• The panel discussed the hugely anticipated recent Saudi sovereign bond issuance, and the question was duly raised as to how one might define an emerging market. Any sovereign or bank where you are uncertain what the process would be to get your money back, where you doubt transparency and if the legal system is settled enough to give confident you will get your money back in the future, is what the panel considered emerging;
  • If you are buying a 30-year Saudi bond, are you buying oil revenue, or are you buying into a diversified economy?
  • Most green bonds in emerging markets will need to be US dollar- denominated, as that is where the investors are – local currencies will also pose a FX risk;
  • The panel discussed the development of covered bonds in emerging markets, which is a very different market to others. These bonds attract entirely different investors, most of which tend to be in Europe and, therefore, in euros.


High yield developments

  • The market is up from last year but that may be more of a reflection of how low volumes were rather than how strong they are now;
  • Issuers have had a strong run of late pushing for more aggressive terms, but sponsors have become more adept too;
  • Pushback from bondholders is needed to change the landscape but they are a disparate group;
  • Emerging market issuances have a different feel to them but there is cross-pollinisation from more developed markets, which will lead to better standardisation;
  • While some doubt bondholders truly understand the extent of covenant packages, they are on the whole sophisticated investors who are specialists in the product and should not be underestimated;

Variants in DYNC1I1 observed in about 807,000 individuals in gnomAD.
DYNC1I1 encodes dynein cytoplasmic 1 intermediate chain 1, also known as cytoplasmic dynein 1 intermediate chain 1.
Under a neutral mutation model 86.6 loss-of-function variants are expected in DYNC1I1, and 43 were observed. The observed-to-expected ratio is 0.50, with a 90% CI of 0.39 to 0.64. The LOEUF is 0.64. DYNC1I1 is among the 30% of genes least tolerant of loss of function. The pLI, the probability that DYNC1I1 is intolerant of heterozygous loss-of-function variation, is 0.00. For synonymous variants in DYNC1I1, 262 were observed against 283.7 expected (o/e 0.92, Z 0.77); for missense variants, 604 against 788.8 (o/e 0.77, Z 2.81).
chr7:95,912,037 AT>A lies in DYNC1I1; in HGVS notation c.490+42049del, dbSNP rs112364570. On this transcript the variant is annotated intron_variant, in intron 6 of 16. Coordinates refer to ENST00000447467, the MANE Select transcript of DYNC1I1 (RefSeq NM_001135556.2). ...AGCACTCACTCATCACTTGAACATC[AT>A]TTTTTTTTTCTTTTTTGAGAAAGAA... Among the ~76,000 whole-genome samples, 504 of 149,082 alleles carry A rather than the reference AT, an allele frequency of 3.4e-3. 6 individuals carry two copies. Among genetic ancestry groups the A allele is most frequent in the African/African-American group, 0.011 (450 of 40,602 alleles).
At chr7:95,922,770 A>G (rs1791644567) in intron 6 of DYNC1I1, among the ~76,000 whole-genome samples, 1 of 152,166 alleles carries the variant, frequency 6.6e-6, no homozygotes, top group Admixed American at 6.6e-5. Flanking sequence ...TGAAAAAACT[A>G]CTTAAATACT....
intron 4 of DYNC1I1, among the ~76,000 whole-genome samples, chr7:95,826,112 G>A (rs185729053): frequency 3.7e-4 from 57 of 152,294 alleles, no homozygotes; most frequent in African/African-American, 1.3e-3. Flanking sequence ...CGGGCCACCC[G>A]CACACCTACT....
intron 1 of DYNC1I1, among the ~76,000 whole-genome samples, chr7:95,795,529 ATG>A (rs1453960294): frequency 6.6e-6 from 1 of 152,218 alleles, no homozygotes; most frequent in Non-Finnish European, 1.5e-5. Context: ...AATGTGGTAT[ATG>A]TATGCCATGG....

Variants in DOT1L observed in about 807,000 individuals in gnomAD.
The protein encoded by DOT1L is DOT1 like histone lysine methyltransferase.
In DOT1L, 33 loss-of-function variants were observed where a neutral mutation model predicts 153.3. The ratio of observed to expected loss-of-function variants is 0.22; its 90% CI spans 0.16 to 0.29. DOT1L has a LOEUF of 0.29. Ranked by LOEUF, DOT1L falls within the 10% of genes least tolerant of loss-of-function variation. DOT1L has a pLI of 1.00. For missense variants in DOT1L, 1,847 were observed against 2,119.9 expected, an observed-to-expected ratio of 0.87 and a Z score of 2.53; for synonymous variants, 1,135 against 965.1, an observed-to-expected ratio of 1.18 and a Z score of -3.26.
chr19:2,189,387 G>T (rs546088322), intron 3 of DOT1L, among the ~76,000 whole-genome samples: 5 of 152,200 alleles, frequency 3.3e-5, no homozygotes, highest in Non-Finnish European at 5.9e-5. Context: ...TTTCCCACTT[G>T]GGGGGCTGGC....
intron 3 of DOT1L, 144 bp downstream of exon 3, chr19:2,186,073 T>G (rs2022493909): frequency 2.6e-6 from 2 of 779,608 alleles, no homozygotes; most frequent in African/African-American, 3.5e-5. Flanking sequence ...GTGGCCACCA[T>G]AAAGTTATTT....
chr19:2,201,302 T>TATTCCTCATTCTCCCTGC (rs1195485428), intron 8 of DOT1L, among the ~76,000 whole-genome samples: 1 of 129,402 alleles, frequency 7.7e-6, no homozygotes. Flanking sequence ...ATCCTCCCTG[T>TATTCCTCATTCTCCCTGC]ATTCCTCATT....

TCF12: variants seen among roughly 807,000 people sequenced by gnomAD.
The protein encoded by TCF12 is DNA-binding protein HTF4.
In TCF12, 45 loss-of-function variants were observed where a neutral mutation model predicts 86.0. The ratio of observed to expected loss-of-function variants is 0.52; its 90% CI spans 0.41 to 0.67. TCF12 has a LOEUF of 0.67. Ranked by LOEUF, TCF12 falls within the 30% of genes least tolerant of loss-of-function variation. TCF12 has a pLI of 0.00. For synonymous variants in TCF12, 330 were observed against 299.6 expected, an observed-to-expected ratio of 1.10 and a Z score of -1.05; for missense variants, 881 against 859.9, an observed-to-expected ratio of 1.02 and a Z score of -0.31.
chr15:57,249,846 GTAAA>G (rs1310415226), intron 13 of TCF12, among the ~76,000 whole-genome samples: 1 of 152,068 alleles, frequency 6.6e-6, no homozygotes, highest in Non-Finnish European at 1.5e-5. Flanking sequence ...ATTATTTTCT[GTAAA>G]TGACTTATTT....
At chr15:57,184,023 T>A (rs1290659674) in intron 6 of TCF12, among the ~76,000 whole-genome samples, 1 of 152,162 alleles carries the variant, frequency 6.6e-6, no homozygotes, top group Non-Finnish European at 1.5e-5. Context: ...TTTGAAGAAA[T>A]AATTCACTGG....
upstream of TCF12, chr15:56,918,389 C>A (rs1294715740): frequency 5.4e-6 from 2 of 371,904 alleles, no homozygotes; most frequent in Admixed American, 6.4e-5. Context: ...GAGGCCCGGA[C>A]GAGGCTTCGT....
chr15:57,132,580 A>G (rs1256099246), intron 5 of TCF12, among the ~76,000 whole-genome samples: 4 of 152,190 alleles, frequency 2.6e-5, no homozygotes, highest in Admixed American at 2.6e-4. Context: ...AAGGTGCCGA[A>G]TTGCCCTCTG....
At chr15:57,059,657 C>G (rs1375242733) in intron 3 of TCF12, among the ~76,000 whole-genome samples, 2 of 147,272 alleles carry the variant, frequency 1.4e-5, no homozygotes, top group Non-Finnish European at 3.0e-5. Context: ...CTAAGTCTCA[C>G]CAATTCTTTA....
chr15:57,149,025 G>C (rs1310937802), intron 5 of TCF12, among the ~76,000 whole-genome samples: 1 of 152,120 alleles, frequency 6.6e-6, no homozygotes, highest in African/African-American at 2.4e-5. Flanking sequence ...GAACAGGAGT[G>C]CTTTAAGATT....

• As most covenant packages were developed under New York law there is a degree of uncertainty surrounding subsequent unpredictable court decisions;
  • There has been a trend, started by Mydentist, of EU entities listing their deals in the Channel Islands to circumvent the Market Abuse Regulation.


Dealing with the retail structured products delay

  • Now is the time for advocacy on any uncertain points surrounding the incoming Priips regulation – there is no more time to complain about the delay or the regulation itself;
  • Other than the new data protection regulation it is unique in that it allows the authorities to impose fines of up to three percent of annual turnover – which is focusing the minds of senior management effectively;
  • The stipulation that the KID be provided 'in good time’ is causing some confusion, particularly around deals that by nature are executed quickly;
  • There is no grandfathering so historic trades may well need KIDs produced for them;
  • The incoming Markets in Financial Instruments Directive (Mifid) II will extend Priips requirements to virtually every asset class;
  • Proportionality is important here as the general expectation is that for a more complex instrument, more information would be required.


Securitisation: is liquidity killing recovery?

  • The EU’s proposal for simple, transparent and standardised securitisation is noble but has changed in form so much since first suggested in 2015 that it risks damaging the industry further;
  • These changes will also disproportionately affect smaller issuers, which is the exact opposite of the EU’s goal, to boost small and medium-sized enterprises’ access to non-bank funding;
  • The industry is not aligned with regulators on what needs to be achieved – in fact the regulators are not aligned with themselves either;
  • The prospect of the new US administration reviewing risk retention rules is concerning as it creates even more uncertainty and raises the prospect of the US having a competitive advantage;
  • After Brexit, the general view is that the UK and US will become more closely aligned, and the EU’s slow pace of regulatory development may cost it;
  • The concept of equivalence for non-EU issuers, investors and other participants is at the moment unwieldy in the EU’s proposals, which verge on protectionist;
  • The market-led Prime Collateralised Securities initiative was again noble but reveals how potentially damaging labels can be for anything that does not achieve the label;
  • It may well be that the landscape is becoming too complex for investors.